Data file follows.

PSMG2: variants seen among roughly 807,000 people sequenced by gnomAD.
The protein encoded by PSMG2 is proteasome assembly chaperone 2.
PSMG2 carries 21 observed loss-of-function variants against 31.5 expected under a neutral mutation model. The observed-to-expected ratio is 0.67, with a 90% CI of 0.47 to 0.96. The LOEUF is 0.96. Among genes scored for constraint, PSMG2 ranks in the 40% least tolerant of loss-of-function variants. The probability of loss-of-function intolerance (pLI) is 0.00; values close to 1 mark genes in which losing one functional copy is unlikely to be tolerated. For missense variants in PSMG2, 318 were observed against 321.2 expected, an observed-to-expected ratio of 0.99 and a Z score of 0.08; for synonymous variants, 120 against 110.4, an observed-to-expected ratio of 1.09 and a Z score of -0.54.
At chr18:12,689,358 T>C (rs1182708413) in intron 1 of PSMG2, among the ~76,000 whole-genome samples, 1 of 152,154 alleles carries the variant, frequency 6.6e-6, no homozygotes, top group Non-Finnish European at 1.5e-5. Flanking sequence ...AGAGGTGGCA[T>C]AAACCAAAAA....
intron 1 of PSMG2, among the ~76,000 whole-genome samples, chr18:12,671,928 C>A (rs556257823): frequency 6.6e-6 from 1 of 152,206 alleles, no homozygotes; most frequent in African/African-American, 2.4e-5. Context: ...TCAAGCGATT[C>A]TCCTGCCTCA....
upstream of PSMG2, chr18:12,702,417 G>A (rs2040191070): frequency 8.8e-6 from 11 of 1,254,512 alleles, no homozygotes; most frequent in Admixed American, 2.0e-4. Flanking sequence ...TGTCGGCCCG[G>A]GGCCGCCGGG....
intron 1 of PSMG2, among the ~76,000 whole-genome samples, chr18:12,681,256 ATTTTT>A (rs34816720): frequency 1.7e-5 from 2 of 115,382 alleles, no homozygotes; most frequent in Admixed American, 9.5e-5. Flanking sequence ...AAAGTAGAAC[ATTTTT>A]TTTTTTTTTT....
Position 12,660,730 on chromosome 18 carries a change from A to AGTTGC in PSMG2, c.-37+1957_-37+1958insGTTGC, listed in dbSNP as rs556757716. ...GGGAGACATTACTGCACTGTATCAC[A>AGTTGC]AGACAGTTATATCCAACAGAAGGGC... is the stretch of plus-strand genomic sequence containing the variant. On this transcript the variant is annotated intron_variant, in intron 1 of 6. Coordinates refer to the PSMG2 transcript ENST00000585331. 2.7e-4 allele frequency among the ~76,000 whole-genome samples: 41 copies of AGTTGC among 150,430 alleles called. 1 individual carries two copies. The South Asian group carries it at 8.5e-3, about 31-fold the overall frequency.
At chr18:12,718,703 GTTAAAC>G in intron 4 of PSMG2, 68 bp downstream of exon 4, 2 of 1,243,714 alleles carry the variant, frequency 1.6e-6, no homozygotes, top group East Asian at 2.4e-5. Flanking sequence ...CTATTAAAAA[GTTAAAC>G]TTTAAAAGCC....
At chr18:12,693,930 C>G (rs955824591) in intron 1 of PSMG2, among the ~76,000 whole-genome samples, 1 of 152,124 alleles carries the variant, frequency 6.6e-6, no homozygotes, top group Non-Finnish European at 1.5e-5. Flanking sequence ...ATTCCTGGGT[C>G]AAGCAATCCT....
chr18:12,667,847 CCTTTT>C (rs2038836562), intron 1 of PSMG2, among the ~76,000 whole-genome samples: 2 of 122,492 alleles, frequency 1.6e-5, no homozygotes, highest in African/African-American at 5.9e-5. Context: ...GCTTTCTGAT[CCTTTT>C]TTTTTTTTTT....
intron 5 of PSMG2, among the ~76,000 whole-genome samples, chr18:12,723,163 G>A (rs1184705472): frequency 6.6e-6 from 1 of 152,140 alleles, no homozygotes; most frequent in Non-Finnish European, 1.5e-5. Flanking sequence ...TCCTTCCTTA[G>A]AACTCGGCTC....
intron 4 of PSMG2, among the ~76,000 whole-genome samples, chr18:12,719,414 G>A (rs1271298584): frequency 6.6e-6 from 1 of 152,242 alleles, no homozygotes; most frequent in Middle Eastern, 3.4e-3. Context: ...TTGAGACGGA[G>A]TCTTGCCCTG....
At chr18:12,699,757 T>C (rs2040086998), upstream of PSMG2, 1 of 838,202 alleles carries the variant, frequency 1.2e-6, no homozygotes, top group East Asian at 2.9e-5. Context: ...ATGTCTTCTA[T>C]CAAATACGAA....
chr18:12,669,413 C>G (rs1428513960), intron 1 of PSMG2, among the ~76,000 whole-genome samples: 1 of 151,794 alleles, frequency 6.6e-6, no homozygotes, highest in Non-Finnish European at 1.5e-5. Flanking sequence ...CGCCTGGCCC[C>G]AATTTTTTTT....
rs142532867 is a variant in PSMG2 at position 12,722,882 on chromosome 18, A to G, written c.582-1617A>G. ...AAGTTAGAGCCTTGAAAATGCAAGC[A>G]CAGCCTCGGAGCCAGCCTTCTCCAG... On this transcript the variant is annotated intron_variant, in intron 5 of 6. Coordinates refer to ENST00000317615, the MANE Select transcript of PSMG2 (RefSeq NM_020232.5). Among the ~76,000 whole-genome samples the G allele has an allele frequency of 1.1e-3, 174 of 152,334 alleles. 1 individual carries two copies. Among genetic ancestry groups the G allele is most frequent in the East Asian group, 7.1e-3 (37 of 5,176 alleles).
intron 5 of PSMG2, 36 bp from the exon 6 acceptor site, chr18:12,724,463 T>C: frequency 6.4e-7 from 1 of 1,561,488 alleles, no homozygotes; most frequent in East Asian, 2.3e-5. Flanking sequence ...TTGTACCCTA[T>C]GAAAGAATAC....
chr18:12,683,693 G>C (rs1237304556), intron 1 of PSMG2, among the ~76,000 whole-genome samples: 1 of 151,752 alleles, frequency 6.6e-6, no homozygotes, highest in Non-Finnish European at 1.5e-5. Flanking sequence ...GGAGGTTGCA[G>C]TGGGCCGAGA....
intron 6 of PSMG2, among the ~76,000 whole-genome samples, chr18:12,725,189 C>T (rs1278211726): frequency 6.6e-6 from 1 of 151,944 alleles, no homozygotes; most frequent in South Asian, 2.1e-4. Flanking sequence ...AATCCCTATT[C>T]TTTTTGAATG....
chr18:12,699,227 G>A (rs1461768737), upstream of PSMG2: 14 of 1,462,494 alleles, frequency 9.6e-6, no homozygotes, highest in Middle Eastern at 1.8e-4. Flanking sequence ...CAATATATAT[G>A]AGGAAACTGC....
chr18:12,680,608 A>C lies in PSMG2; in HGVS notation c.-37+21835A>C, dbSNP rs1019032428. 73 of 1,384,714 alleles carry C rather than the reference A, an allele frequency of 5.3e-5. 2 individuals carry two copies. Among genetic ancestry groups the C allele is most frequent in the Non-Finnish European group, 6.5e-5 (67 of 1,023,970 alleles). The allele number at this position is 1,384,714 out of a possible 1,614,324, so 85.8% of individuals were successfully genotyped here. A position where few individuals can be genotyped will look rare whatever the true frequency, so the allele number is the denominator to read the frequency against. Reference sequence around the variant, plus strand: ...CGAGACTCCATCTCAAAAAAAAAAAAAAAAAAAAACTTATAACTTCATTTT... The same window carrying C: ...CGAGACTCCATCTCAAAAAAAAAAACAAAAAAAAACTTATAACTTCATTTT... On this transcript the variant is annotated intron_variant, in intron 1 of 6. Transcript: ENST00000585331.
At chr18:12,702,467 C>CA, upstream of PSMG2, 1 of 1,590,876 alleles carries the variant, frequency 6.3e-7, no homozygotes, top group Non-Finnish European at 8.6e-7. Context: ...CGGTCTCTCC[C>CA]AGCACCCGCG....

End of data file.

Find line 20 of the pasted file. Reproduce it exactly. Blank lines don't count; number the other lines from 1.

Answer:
chr18:12,699,227 G>A (rs1461768737), upstream of PSMG2: 14 of 1,462,494 alleles, frequency 9.6e-6, no homozygotes, highest in Middle Eastern at 1.8e-4. Flanking sequence ...CAATATATAT[G>A]AGGAAACTGC....